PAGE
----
The War on Normal People by Andrew Yang

The War on Normal People

From entrepreneur Andrew Yang, the founder of Venture for America, an eye-opening look at how new technologies are erasing millions of jobs before our eyes-and a rallying cry for the urgent steps America must take, including Universal Basic Income, to stabilize our economy. The shift toward automation is about to create a tsunami of unemployment. Not in the distant future--now. One recent estimate predicts 45 million American workers will lose th...

Details The War on Normal People

TitleThe War on Normal People
Release DateApr 3rd, 2018
PublisherHachette Books
GenreNonfiction, Economics, Politics, Business, Science, Technology

Reviews The War on Normal People

  • Mrs. Europaea
    Move over Great Pacific Garbage Patch, Mama has a new issue to plague her sleepless nights.In The War on Normal People, Yang, outlines the upcoming employment crisis to hit the United States. With increasing measures by businesses and organizations to make all things automated for reasons of "productivity and efficiency", he lists the industries most in jeopardy due to technological advancements. Industries include but are not limited to: Office ...
  • Muhan
    When Donald Trump was elected President in 2016, I was living in Miami, FL. At the time, I had lived through three cycles of boom and bust in the United States. The great recession, in particular, sparked my interest in economics and its impact on society. At the time, learning about subprime mortgages, securitization, foreclosures, and interest rates engrossed me in a profound but technical manner. As the Big Short summarized so succinctly, how ...
  • Donna Hines
    Americans are becoming more angered, more frustrated, even more depressed and despondent in this Dog Eat Dog world we currently reside in as they struggle for basics to simply survive.Jobs are being replaced by automation, innovation, technology as the new norm. What happened to benefits for all workers, affordable healthcare and childcare, availability of full time work with paid family leave, equal pay, living wages, seniority, and hiring based...
  • Diane Pagen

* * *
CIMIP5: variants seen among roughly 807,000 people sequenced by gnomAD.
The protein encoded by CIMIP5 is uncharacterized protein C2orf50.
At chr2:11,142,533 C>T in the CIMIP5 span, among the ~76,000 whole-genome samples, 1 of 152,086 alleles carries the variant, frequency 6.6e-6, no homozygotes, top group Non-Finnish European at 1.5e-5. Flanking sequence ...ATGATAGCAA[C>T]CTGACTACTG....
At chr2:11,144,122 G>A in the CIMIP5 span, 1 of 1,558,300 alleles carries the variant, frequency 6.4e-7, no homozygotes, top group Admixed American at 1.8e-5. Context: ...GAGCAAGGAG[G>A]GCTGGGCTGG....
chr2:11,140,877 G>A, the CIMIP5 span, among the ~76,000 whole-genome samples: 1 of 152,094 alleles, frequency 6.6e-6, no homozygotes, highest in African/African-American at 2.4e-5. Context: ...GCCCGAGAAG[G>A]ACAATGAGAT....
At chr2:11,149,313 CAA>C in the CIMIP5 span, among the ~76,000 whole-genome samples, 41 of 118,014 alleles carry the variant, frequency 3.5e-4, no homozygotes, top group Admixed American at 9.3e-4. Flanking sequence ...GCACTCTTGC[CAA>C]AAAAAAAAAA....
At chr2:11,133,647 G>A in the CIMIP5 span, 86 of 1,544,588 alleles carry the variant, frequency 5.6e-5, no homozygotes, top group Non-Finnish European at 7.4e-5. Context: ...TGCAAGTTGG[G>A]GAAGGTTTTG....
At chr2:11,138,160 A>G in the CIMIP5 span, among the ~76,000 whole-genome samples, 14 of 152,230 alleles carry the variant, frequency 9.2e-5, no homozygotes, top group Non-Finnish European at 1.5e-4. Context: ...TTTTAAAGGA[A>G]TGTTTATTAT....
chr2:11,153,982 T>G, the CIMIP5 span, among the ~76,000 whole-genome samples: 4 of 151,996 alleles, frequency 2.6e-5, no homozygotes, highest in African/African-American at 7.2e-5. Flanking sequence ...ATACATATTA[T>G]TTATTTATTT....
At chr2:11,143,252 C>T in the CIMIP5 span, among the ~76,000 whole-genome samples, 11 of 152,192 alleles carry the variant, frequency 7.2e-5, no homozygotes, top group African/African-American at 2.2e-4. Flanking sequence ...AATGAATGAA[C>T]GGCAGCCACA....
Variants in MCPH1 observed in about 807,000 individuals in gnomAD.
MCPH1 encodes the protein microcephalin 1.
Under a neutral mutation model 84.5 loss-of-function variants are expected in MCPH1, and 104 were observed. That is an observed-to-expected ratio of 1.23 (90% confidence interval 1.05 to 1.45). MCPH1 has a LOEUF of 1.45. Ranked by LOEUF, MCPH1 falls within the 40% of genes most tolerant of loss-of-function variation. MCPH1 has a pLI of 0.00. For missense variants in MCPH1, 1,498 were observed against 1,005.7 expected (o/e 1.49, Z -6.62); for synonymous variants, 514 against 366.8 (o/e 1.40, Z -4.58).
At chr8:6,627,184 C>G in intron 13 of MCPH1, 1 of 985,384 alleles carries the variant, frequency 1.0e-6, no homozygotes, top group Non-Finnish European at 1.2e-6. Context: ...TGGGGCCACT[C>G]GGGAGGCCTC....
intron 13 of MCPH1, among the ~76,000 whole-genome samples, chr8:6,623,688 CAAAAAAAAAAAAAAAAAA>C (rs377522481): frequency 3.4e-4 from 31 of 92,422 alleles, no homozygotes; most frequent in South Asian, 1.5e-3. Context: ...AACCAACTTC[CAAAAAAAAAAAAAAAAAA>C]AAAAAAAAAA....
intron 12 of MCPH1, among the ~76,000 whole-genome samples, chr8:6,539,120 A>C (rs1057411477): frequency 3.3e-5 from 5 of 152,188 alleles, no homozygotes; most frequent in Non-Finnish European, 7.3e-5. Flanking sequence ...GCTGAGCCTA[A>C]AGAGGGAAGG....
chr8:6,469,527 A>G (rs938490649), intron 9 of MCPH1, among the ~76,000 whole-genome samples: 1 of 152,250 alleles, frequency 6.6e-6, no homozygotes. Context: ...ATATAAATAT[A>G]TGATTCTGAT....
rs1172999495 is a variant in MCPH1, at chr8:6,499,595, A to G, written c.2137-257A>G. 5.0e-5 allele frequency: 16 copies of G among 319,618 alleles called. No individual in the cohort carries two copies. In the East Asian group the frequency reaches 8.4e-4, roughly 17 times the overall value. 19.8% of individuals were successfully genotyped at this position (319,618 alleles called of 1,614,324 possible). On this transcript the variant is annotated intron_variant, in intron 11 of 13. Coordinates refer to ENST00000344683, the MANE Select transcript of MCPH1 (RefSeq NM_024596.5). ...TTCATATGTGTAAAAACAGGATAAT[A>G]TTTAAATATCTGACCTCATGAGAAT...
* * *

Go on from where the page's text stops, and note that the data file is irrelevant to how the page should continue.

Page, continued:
I read The War On Normal People. I recommend it to everyone, which makes it a different kind of book. Even though I love, say, detective novels, and biographies, I won't recommend them to every kind of person. The War On Normal People stands out to me as being able to improve the lives of every person.Andrew Yang isn't screwing around, telling us that we need to ponder the problem of automation, so that in a few years we can maybe do something. P...
  • Andrew Frawley
    It’s hard to be in the year 2018 and not hear about the endless studies alarming the general public about coming labor automation. But what Yang provides in this book is two key things: automation has already been ravaging the country which has led to the great political polarization of today, and second, an actual vision into what happens when people lose jobs, and it definitely is a lightning strike of “oh shit.”I found this book relative...
  • Fiona Aboud
    I found this amazing book to be incredibly powerful. The effect of reading Yang's book is literally like waking up and seeing the world in a new way. It's so easy to think of automation as someone else's issue, or a decades-away problem, but the book decidedly convinces the reader that we're already far, far in the middle of revolutionary changes that are manifesting themselves today for millions of people. The book is inspiring in the way it ins...
  • Daniel Arnstein
    Human Capitalism is an excellent economic system that should be institutionalized within America. Yes, radicalizing an entire economic system seems crazy at first; but once you wrap your head around how basic it could be to implement & how effective it could be for 350,000,000 people, it feels like the only way forward. Human Capitalism builds a system for what America should look like in the 22nd century and beyond. In a world where globalism an...
  • Zach
    I literally jumped out of my bed in excitement halfway through reading this book.Andrew Yang completely nails what has caused many of the problems in the US. His simple description of the human effects from automation, and his major policy recommendations to fix them are both a strong reality check and extremely inspirational.Whether you're Republican or Democrat, Andrew clearly proves that automation is real and having a negative effect on our s...
  • Aaron
    First and foremost, before I get into anything, I fully recommend this book. I'm giving it a perfect score...... But if I could I'd give it a higher score.Get it from the library, Amazon, or borrow it from a friend. Read it asap, it's easily one of the best books of the year. I hope it catches fire before 2020 (more on that at the end of the review).I have been on board the Basic Minimum Income train for a long time (ever since I read "Saving Cap...
  • Lisa
    I was absolutely shocked by this book and can't stop talking about it. The author gives a background of the largest income sectors in the US, all of which have lost or will lose jobs to automation, including retail and trucking, and the impact this will have on income inequality, families, and the future economy - and he has a plan for how to ameliorate the situation.I'll do pretty much anything to avoid going to a mall (I bought this book from T...
  • Selim Tlili
    Andrew Yang is a gifted writer who explains his ideas with incredible clarity and a palpable sense of urgency. His well reasoned arguments in favor of Universal Basic Income have convinced the skeptic in me that it would provide a lot of net positive results to the country and the world as a whole.Andrews fundamental argument, that technology will reduce our workload and cause the economy to shed a lot of jobs, makes sense with a caveat.I tend to...
  • Otto Lehto